Our friends at SnackTools, a suite of web applications that will simplify the way you create and publish rich media content, is giving away 10 VIP memberships to the entire suite of tools for an entire year (valued at $288). Read on to see how you can win a membership.
A great website design is important to any business trying to find success online, but if a website doesn’t have a chance at good search rankings, very few people may ever get to see it. To avoid having a website that is not search engine friendly, you simply need to take into consideration some basic SEO principles and good content development practices.
Responsive web design is undoubtedly a hot topic in web design right now. To some degree, the popularity of the concept of responsive web design is well deserved because site users are increasingly diversifying their methods of accessing a website. iPad, iPhone, Android mobile devices, desktops, netbooks — we’re in a time where our web designs must function in a multitude number of ways.
Let us explore the meaning and principles behind responsive web design.
Web development and free and open source software (FOSS) have gone hand in hand since the beginning of the web. Popular scripting languages and web development frameworks such as PHP, Rails and Python are all open source, and many of the most popular platforms built on top of them, like WordPress and Drupal, are too.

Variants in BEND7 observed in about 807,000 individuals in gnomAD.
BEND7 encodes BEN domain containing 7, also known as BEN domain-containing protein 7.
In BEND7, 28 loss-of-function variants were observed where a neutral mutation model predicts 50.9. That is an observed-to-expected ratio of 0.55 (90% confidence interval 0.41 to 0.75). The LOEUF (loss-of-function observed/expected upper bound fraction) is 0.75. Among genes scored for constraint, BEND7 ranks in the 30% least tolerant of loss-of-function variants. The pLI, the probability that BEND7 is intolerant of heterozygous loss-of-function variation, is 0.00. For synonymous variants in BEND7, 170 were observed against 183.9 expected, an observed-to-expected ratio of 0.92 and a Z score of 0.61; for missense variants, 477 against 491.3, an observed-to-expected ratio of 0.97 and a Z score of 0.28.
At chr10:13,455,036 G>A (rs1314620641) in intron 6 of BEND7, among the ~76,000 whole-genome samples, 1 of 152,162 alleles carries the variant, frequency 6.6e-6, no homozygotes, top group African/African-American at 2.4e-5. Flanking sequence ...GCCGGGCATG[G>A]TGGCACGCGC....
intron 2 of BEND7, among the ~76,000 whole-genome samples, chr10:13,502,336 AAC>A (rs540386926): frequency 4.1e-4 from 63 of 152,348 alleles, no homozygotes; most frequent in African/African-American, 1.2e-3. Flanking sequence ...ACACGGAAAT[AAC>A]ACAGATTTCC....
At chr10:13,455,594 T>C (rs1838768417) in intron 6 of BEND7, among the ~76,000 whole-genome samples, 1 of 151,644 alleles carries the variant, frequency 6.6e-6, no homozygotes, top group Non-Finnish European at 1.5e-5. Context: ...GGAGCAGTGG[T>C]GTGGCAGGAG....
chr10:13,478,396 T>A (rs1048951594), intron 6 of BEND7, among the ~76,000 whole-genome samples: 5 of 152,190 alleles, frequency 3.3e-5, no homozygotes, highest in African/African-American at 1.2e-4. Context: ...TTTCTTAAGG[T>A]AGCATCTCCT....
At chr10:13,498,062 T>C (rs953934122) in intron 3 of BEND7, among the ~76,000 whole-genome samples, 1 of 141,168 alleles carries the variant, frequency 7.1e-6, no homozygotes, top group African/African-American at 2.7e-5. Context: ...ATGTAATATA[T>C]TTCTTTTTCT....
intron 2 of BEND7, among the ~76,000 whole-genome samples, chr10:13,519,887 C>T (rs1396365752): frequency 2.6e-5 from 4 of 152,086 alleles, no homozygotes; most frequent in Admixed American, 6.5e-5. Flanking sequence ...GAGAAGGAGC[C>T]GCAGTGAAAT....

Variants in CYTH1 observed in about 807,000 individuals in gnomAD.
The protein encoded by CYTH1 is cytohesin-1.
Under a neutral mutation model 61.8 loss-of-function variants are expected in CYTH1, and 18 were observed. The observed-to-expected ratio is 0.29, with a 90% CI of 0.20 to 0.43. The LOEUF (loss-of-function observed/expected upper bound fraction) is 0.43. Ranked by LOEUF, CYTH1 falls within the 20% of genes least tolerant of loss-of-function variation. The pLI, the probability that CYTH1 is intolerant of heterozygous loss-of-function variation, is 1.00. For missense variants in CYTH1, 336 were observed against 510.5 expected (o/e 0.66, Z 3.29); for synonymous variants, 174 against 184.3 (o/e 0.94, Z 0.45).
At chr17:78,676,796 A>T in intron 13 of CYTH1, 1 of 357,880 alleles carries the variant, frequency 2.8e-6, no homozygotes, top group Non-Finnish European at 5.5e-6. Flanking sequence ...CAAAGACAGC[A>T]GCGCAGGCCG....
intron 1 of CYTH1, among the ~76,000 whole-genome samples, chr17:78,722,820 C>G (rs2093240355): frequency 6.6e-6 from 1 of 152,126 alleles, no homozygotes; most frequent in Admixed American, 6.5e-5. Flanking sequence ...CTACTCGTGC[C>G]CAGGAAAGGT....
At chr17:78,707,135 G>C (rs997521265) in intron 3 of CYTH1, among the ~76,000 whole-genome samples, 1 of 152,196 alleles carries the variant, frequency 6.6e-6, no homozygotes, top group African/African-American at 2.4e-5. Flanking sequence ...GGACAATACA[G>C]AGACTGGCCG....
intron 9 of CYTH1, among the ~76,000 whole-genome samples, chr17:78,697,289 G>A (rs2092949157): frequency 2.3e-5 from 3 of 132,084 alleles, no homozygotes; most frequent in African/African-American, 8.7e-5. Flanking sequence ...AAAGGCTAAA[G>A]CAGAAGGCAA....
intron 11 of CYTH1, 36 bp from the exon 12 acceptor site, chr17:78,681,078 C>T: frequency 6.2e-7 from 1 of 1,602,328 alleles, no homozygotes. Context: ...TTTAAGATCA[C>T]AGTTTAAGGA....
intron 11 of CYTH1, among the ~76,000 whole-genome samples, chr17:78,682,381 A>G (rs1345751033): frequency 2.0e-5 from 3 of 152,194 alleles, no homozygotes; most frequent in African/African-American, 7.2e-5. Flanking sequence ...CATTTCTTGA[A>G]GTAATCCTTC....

Open source has leveled the playing field by reducing the costs of creating software and web services, as well as nurturing innovation and sharing in the web development community.
We partnered up with the wonderful folks at Avactis to hook up five lucky Six Revisions readers with e-commerce software licenses in a recent giveaway. This post announces the winners of the giveaway. Drum roll please!
The year was 2003. I was working on my first website out of college. It was a personal portfolio geared towards landing my first job in the industry. I was trying to build a site unlike anything prospective employers would have seen before.
The grungy homepage wasn’t built with tables as my college education had taught me. I needed to create layers to allow my random Polaroid photo to change beneath its frame, so I used a bizarre element called a
<div>. It was alien to me, but it worked.
In the first part of this series, we discussed some fundamental concepts pertaining to CSS typography. Now we are going to cover some excellent techniques, tips, tricks and best practices for dealing with typography on websites.
This is the second part of a three-part series of guides on CSS typography that will cover everything from basic syntax to best practices and tools related to CSS typography.